Speaking of whom, Bergeron also had his strongest game of the season, gashing the Bears for 117 yards on 19 carries (6.2 average), and practically hogging the end zone for himself, with 5 touchdowns on the night -- nearly matching Ricky Williams' single-game mark of 6 touchdowns (which Williams did twice). Bergeron's big day was due in part to the gigantic holes he had to run through, but Bergeron also looked healthier than he has in weeks, running with acceleration and power that has been lacking in recent weeks when he's looked a step slow and hampered by minor injuries.
On the bright side for this unit, we saw some encouraging individual performances, they held Baylor to 3 of 12 on 3rd down, forced Baylor to kick some field goals, and generally improved as the game went on. After Baylor scored a touchdown on its fourth consecutive drive to take a 28-21 with 11:34 remaining in the second quarter, the Longhorns finally stopped the bleeding that began in the second half in Stillwater and continued more or less unabated for four straight weeks. After allowing Baylor to score 28 points and average 11.8 yards per play across its first 5 drives, the Longhorns defense held the Bears to 22 points and 5.7 yards per play over their final 9 drives, ending 4 possessions with a turnover or forced punt, and a field goal attempt on 3 more. That's a far cry from championship-caliber defense -- and let's be honest, this unit had nowhere to go but up -- but it was a desperately needed step in the right direction.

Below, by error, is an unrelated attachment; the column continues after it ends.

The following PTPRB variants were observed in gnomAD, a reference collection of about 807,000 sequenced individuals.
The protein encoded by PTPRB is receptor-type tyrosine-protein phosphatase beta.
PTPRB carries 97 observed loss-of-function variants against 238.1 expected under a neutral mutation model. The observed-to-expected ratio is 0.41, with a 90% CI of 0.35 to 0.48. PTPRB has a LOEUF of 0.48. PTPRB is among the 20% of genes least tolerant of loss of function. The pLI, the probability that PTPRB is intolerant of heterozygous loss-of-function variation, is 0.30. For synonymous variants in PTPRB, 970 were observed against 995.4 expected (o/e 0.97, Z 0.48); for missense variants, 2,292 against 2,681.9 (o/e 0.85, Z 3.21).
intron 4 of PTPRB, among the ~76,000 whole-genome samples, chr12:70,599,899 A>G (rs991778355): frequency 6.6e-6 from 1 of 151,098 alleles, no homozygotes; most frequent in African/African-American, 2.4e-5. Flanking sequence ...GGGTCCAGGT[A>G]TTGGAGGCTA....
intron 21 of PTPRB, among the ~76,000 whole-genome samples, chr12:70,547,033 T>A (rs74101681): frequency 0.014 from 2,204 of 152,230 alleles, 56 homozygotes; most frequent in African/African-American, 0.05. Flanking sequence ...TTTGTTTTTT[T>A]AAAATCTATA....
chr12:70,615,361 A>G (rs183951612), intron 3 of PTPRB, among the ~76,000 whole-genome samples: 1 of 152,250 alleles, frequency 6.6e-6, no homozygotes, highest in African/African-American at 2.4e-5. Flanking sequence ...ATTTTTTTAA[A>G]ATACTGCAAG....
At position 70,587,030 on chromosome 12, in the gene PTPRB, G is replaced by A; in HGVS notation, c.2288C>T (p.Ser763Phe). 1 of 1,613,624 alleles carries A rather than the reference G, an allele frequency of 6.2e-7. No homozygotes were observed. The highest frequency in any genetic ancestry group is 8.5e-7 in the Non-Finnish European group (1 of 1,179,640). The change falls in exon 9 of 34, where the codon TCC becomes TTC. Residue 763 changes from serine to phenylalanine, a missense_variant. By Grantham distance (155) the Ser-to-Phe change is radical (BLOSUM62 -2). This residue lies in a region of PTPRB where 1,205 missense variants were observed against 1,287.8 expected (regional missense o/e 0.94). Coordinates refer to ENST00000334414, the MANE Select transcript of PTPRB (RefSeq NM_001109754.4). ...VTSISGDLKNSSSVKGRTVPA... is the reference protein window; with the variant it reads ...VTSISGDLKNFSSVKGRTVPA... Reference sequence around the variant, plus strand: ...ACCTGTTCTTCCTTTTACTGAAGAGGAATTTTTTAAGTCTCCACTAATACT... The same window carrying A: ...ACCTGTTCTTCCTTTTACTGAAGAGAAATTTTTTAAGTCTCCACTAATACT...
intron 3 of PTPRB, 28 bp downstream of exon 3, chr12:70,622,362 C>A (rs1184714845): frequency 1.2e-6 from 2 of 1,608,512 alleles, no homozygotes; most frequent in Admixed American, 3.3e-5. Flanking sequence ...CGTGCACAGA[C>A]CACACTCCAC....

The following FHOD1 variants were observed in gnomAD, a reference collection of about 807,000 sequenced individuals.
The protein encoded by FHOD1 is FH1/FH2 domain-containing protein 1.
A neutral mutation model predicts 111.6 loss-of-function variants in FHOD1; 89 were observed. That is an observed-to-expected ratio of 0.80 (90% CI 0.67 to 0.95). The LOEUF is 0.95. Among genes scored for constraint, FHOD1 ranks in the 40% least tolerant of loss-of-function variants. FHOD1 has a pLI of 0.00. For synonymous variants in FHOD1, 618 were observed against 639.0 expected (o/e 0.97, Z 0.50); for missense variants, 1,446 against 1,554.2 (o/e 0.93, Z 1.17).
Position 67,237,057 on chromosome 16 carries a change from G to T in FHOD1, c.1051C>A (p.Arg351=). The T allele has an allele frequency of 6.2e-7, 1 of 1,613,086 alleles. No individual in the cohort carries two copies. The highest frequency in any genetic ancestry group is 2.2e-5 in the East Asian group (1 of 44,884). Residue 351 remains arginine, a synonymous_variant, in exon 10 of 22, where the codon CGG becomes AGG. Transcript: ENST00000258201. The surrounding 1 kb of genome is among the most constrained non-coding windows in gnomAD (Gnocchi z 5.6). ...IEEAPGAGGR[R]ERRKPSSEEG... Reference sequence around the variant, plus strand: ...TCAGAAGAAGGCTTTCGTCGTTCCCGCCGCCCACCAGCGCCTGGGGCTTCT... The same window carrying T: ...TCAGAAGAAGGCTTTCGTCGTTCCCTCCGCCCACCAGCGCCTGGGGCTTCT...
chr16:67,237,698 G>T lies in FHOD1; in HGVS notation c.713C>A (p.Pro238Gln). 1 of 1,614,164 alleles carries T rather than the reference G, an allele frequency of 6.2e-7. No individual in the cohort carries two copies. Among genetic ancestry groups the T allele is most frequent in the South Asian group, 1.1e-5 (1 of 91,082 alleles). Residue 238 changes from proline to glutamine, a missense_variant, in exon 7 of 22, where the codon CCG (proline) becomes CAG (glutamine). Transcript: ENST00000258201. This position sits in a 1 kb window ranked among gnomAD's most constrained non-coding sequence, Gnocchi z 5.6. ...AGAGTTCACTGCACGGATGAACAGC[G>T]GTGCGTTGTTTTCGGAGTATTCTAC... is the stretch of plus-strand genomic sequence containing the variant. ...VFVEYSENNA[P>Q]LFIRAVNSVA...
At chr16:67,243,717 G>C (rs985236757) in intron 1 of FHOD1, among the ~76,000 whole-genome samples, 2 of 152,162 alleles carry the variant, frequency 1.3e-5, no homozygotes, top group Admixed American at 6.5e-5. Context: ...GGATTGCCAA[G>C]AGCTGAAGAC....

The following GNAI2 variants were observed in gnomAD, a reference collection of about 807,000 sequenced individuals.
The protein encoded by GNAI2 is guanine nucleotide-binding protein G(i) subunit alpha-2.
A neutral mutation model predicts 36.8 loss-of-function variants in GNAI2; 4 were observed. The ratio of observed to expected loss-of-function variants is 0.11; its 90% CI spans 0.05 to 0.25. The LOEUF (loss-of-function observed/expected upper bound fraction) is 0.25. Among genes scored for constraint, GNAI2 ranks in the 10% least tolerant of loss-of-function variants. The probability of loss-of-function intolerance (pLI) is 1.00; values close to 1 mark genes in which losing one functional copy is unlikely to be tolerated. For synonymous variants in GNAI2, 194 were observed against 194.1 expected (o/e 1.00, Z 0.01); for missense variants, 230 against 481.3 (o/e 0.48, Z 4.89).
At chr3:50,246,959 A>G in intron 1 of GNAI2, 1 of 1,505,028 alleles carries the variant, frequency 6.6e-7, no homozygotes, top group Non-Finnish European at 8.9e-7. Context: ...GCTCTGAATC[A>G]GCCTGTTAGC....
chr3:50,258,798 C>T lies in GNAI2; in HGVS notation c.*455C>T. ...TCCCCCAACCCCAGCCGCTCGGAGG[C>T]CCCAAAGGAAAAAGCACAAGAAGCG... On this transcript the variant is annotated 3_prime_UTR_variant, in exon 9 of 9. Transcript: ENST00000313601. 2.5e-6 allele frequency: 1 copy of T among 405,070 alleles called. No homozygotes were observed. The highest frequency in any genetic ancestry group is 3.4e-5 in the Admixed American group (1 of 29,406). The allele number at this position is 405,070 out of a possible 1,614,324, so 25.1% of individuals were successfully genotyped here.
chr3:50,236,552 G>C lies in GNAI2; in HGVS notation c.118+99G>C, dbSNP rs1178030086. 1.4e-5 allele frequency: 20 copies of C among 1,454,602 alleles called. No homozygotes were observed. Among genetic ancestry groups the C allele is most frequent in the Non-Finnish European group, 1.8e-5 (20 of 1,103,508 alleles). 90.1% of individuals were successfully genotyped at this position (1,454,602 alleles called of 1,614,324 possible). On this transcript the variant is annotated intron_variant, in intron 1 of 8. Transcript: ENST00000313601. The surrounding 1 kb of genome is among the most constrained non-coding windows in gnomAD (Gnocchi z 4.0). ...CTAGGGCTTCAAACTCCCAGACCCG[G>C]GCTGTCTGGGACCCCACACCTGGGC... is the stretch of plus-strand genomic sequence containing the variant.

On the much darker side, the improvement was from Horrendous to Mediocre, and it didn't exactly suggest that Good -- let alone Very Good -- is right around the corner. We saw many of the same players make many of the same mistakes, which is why it was fair to say that this was a game between two evenly matched teams. As bad as the Baylor defense is -- and they are dreadful -- we've been right there with them this season.